The pandemic has snatched a lot from us but college students and working professionals are grateful for a small mercy it has shown. With office premises being out of bounds, these youths have been able to work, not just from home but, from their hometowns.
No sooner did the first lockdown get announced last March than students and professionals across the country started packing their bags and trying to book tickets home. Salt Lake and New Town, notoriously referred to as old age homes, saw the return of youths, most of whom are over the moon at being with their families.
“Money can’t buy such luck,” says Aniket Sil, an IT sector employee who has returned to ED Block’s Sourav Abasan from Hyderabad. “No company would have given us such a long leave and now none of us want to go back.”
Long before the pandemic Souradip Basu would, in vain, ask his Bangalore bosses to let him relocate to Calcutta. “I wanted to come back so badly that I could have signed a lifetime bond and tattooed the name of the company on my chest in exchange,” says the CA Block resident, now having the last laugh.
Sitting in his Gurgaon office, Subham Nandi would fantasise about working remotely. “Since office space was short, 30 per cent of our staff would work from home anyway. But it took the lockdown to let all of us do it from home. Before this, the longest break I could take would be a week,” says the resident of Meena Sparsh in New Town.
Working from remote locations has never been an issue with Western clients, says Sumit Sarkar of BL Block, now back from Hyderabad. “But Indian offices felt employees wouldn’t work unless under their boss’s noses. That’s not true if the work is deadline-bound.” Recently Sumit changed his job and is delighted that the new company has granted him a permanent work from home option.
The transition to the township wasn’t smooth for everyone. When Subham moved into his New Town flat, the table there was meant for his father to read the newspaper and using a laptop on it was rather uncomfortable. They didn’t have Wi-fi and he nearly had to move heaven and earth to get a decent connection in the lockdown.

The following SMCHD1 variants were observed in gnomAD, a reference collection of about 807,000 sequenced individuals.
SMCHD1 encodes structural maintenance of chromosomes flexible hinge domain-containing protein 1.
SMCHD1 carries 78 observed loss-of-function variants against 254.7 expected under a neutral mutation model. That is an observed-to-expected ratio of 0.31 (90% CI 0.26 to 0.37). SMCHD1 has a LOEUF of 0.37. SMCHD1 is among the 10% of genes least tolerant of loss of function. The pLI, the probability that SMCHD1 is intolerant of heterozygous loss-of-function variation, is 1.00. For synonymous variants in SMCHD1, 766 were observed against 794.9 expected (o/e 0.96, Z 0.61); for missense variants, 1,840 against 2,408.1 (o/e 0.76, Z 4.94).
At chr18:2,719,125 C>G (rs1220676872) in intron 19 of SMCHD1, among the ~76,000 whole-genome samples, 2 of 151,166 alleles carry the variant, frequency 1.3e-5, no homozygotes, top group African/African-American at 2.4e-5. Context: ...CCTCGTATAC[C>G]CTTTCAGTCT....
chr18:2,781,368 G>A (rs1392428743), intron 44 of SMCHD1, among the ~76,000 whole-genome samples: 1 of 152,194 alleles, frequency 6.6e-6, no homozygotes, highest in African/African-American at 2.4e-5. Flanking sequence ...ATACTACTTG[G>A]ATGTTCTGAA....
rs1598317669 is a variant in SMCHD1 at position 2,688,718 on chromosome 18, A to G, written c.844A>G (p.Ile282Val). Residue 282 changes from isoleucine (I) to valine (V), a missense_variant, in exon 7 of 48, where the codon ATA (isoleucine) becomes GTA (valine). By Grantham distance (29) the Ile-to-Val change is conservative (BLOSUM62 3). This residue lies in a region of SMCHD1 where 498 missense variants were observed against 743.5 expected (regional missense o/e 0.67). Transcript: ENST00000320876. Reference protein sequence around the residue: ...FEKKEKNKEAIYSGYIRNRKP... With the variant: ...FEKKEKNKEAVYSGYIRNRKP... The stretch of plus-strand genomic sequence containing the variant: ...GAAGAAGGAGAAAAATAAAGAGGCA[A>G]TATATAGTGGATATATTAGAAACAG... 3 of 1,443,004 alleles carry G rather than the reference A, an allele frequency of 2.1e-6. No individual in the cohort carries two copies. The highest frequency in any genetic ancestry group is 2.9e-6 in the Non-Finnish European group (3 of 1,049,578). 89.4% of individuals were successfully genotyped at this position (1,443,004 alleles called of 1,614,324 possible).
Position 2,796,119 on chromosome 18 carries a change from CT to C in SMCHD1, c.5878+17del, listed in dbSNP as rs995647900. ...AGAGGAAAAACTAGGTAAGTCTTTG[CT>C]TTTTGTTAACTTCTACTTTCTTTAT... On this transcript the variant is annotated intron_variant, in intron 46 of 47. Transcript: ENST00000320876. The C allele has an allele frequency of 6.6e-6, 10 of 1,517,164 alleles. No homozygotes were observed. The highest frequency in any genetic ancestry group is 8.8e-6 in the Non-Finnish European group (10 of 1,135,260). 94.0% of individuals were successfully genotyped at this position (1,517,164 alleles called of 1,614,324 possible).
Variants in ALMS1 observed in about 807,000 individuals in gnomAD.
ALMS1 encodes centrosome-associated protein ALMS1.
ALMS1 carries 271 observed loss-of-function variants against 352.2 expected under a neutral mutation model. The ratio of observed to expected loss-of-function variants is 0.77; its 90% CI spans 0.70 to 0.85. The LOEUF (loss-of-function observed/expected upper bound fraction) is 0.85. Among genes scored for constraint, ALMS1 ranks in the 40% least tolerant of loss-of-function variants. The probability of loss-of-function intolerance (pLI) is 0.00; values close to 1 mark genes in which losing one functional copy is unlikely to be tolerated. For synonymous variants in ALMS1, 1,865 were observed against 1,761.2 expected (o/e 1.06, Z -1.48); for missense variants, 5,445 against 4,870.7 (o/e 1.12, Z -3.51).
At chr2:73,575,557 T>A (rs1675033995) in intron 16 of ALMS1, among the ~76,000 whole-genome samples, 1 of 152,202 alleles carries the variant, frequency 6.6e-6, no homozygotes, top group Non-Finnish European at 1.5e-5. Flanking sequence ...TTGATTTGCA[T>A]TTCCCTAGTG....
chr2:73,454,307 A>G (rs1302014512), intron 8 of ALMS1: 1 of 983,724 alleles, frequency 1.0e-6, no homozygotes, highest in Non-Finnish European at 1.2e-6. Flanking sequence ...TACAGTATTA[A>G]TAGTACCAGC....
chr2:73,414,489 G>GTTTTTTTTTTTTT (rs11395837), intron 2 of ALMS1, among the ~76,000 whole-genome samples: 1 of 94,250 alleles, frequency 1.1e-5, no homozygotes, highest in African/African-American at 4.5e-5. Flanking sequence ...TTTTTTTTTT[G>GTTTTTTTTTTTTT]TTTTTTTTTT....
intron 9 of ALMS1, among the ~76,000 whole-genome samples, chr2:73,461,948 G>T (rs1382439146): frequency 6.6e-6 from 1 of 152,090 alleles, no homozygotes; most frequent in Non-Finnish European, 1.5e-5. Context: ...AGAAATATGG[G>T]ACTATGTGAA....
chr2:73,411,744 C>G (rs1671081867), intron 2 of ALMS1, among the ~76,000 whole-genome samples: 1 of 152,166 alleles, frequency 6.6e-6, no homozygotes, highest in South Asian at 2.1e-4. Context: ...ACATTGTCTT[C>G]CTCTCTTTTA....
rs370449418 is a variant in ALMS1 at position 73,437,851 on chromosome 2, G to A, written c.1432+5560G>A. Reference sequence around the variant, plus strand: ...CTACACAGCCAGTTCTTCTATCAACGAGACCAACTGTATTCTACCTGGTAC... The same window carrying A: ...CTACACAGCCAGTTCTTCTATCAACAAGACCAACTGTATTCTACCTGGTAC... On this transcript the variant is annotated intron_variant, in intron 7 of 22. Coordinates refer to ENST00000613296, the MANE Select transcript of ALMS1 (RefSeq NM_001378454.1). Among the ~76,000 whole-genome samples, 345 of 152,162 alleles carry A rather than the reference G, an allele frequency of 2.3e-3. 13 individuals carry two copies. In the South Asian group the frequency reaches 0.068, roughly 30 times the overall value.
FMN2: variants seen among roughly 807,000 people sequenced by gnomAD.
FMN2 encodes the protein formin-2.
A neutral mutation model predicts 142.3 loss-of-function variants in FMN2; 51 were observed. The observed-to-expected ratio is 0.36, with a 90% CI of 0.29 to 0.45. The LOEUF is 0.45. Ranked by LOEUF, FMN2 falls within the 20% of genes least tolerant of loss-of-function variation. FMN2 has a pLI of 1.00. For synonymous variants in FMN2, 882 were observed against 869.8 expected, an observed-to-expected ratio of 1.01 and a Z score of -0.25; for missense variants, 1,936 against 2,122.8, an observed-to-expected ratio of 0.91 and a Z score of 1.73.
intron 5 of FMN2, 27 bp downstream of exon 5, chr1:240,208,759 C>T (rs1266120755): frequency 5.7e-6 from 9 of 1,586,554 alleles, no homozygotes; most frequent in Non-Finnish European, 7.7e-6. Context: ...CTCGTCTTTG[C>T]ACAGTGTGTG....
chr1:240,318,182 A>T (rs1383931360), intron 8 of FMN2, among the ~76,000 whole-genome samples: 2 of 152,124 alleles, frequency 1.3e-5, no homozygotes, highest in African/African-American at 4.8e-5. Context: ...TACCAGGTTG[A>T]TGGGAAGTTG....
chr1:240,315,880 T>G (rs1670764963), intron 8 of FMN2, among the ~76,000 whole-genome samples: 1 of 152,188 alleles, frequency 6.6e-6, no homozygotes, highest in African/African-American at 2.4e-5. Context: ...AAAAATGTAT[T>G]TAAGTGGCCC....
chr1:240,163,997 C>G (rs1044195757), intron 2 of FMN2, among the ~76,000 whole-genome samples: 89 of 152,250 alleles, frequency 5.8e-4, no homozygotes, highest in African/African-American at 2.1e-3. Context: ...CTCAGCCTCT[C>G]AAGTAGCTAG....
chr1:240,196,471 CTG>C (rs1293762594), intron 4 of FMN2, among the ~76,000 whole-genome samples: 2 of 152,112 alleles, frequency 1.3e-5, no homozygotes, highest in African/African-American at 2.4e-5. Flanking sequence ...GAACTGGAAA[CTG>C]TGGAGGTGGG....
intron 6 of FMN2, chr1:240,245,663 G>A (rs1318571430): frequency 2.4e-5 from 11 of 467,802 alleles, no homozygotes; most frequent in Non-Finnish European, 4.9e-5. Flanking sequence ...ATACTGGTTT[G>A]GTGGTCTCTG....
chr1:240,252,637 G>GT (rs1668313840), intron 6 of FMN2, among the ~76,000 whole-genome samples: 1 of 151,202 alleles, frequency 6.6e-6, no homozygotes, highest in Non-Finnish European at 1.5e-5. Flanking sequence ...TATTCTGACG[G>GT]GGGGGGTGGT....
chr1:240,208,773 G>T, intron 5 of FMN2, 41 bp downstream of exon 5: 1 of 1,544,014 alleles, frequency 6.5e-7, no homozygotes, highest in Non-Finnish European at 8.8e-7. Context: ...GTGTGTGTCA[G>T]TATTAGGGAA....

But like many others, Subham used the “office settlement bonus” granted by his company to set up infrastructure at home.
Poulami Pal and her husband returned to town as late as October. “It’s easy for bachelors to pick up their limited belongings and not look back but my husband and I had a lot of furniture and fittings in our Mumbai flat. In fact, a new business had started there during this exodus where companies would simply keep your belongings safe while you left town. But they were charging a bomb and we eventually shipped our stuff to Calcutta,” says the lady from AH Block.
Food for thought
Food ranks high on the list of perks of being home. Even besides relishing the taste of mom’s cooking, some youths are happy to simply not get into the kitchen. “It’s a relief to not have to cook or plan meals everyday,” says Poulami.
Natasha Kesh of FE Block is enjoying that elusive cup of tea with homemade pakoras and Aniket is glad to have something healthy to munch on. “The last two years I was living on junk food from Swiggy and Zomato so my health has improved now,” he says.
So much so that he had put on eight kilos in the first three months of the pandemic. He then started walking 5km a day to work it off.
Comfort of home
Life in now a bed of roses for an IT sector employee who is woken up gently by his mother every morning. In fact, he has taught his father to log into his work station, which the senior gentleman does while junior snoozes away.
Ishan Kamal Mitra of AE Block is happy he doesn’t have to commute and can work in boxers, if he pleases. Flexible working hours allow Aniket a “bhaat ghoom” after lunch and Ritankar Sen says the pandemic has recalled all his friends back to town. “At least we can meet more often now,” says the former resident of Hyderabad and current resident of AH Block.